High school seniors Parthib Samadder and Helena Hurbon stopped attending class months before graduation at BASIS Tucson North High School in May 2015. Still, not only did they graduate -- they’re bound for Ivy League universities.
What’s their secret? Samadder and Hurbon swapped out their traditional senior-year classroom instruction for a hands-on experiential learning project in the UA department of electrical and computer engineering, or ECE. Samadder used origami to design a solar-powered robot, working with professor Kathleen Melde; Hurbon studied bionics and bacteria with associate professor Wolfgang Fink, who has a joint appointment in the department of biomedical engineering.
Samadder and Hurbon were two of 57 Tucson-area BASIS seniors doing internships with universities and companies around the nation as part of the BASIS Senior Research Projects Initiative. BASIS, founded in 1998 to make U.S. students more globally competitive, includes publicly funded charter schools in Arizona, Texas and the District of Columbia.
Problem Solving Lays the Foundation
“Experiential learning is key to understanding what engineering is all about,” Melde said. “We must introduce high school students to the impact that engineers are making -- and that they can make -- in the world.”
She predicted this type of learning-by-doing research will soon be the norm in preparing high school students for the realities of engineering careers.
“This next generation isn’t as afraid of failure. If a student doesn’t know how to do something, they’ll figure out a solution by Googling it, watching a tutorial on YouTube, or reaching out to an expert. Student-led research projects play off of that natural desire to discover and solve problems, and that is what engineering is all about.”
These kinds of projects also expose students to the rigors of academic research, said James Kittredge, BASIS Tucson North college counselor.
“There’s always an advantage in researchers educating the younger generation,” he said. “Even if the benefit isn’t immediate, companies and institutions like ECE are taking a long view in cultivating an educated workforce.”
Hurbon’s mentor, Fink, incorporates this long view in his research programs.
“As part of my research, I engage students of all levels, starting from high schools, all the way to undergraduates, to graduate students,” said Fink, whom the College recently honored as the 2015 da Vinci Fellow for outstanding research and teaching.
Using Origami in Robotics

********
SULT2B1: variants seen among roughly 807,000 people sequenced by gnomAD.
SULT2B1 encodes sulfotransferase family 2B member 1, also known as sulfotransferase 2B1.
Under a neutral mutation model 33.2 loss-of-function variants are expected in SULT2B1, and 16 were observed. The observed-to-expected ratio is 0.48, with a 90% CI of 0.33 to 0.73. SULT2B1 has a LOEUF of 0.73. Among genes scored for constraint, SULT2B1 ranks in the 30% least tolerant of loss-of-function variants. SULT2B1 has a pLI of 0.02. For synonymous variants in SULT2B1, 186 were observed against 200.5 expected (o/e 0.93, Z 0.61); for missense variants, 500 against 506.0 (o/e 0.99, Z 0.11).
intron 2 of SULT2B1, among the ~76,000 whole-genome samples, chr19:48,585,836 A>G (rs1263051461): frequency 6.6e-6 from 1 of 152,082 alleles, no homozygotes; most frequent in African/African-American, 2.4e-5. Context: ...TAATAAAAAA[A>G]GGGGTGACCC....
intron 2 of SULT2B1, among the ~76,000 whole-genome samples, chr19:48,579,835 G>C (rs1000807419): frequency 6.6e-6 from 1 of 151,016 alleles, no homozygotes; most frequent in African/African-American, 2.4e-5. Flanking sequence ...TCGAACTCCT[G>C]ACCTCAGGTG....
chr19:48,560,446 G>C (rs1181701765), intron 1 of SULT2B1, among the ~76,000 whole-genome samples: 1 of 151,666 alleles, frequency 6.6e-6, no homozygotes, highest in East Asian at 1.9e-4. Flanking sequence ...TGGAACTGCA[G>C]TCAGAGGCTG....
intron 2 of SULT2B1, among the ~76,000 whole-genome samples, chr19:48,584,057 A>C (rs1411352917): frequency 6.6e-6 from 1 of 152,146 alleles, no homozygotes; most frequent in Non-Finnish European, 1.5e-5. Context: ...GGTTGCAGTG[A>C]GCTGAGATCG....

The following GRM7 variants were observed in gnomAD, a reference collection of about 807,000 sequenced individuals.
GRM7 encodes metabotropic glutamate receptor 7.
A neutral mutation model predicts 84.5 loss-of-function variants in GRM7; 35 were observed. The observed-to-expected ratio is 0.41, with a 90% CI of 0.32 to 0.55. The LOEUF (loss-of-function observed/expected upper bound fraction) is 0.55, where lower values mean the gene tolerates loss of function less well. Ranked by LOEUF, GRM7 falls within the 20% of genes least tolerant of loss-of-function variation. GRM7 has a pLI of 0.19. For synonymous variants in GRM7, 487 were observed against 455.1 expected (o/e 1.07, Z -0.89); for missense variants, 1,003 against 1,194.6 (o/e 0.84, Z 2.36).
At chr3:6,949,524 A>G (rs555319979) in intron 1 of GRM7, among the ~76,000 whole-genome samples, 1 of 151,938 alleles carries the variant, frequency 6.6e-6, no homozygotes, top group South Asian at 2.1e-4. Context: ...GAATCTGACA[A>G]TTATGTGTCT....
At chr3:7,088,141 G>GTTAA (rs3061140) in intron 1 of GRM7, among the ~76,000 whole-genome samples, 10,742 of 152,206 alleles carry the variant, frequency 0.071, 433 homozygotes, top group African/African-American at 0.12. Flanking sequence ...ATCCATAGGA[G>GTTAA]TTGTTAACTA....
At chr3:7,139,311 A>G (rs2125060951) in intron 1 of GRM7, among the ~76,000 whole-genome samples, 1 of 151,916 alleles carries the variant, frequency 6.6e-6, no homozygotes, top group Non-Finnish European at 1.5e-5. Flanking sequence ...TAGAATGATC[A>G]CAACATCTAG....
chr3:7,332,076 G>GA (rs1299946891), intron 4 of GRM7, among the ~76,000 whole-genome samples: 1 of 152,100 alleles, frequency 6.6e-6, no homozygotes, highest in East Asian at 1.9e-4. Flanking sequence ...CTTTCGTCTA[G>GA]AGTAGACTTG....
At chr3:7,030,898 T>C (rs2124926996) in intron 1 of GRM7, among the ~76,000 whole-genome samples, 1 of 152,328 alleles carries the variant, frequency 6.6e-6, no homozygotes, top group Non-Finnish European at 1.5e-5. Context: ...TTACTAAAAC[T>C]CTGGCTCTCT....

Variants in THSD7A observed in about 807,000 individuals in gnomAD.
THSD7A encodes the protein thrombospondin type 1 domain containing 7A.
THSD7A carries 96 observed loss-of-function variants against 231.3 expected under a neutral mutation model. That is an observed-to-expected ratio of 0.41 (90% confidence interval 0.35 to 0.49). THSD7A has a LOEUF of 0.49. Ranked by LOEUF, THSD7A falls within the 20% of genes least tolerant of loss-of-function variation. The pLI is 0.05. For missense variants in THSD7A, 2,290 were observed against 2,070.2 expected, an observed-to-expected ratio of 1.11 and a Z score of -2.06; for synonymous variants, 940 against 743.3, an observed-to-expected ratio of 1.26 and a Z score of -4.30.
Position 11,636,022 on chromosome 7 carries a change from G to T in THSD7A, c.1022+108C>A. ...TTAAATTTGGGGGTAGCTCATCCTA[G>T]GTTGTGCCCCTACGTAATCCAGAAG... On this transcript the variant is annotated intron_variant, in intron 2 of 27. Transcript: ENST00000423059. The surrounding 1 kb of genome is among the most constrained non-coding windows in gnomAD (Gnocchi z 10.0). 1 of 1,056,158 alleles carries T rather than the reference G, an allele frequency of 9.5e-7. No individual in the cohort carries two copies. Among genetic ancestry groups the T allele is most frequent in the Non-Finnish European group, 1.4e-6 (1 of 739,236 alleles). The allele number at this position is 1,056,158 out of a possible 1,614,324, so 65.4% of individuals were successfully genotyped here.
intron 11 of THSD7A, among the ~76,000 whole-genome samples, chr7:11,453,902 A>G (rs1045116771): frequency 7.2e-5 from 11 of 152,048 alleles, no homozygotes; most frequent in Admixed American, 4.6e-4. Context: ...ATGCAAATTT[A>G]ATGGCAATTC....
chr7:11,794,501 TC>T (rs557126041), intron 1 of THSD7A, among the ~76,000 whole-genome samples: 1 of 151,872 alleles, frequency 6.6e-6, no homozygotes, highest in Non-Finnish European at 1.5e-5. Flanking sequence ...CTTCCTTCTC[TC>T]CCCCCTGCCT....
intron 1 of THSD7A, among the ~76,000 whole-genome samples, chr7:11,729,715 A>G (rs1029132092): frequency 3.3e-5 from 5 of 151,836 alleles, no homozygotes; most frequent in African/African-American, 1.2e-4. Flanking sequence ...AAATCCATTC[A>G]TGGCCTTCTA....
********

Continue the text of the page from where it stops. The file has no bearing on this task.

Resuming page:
Samadder explored how origami conceals mathematical principles that have applications for engineering and real life.
“In engineering, origami allows an object to be sheet-like at its destination but small for the journey,” said Samadder, who worked with Melde to design a solar-powered robotic device using principles of origami for a compacted form.
With his newly gained skills in soldering, circuit design and antenna testing and exchanges with graduate students in Melde’s lab, Samadder said he is well prepared for any challenges he might face in his engineering program at Yale University.
“Dr. Melde's lab has amazing graduate students who are happy to help students like me access resources to pursue a wide variety of projects,” he said. “ECE is a great place for high school students to explore their research interests and decide what fields they want to go into.”
Preventing Prosthesis-Related Infections
Hurbon, whose career goal is to improve bionics for war veterans, researched the connection between bacterial growth and human prosthetics.
Her project involved using differential equations to model bacteria growth, studying physical factors -- such as temperature and moisture content -- that contribute to bacterial growth, and exploring bacterial prevention practices.
Hurbon worked in the Visual and Autonomous Exploration Systems Research Laboratory, where Fink is developing robotic rovers for exploring planets and hand-held tools for examining patients’ eyes.
The experience has clearly been an eye-opener for her.
“With research, you see how things are actually useful,” Hurbon said. “You’re not just learning equations to learn them; you’re learning them to do something good in the world.”
She added, “Having research experience before college certainly puts you in an elite few, and I am so grateful for that. I am also incredibly grateful to have worked with Dr. Fink. Engineering is a collaborative effort, and I saw that each time I worked with him.”
Hurbon was accepted into Eckerd College’s 3-2 sequence program in which she will earn two bachelor’s degrees within five years: a physics degree from Eckerd College and an engineering degree from Columbia University.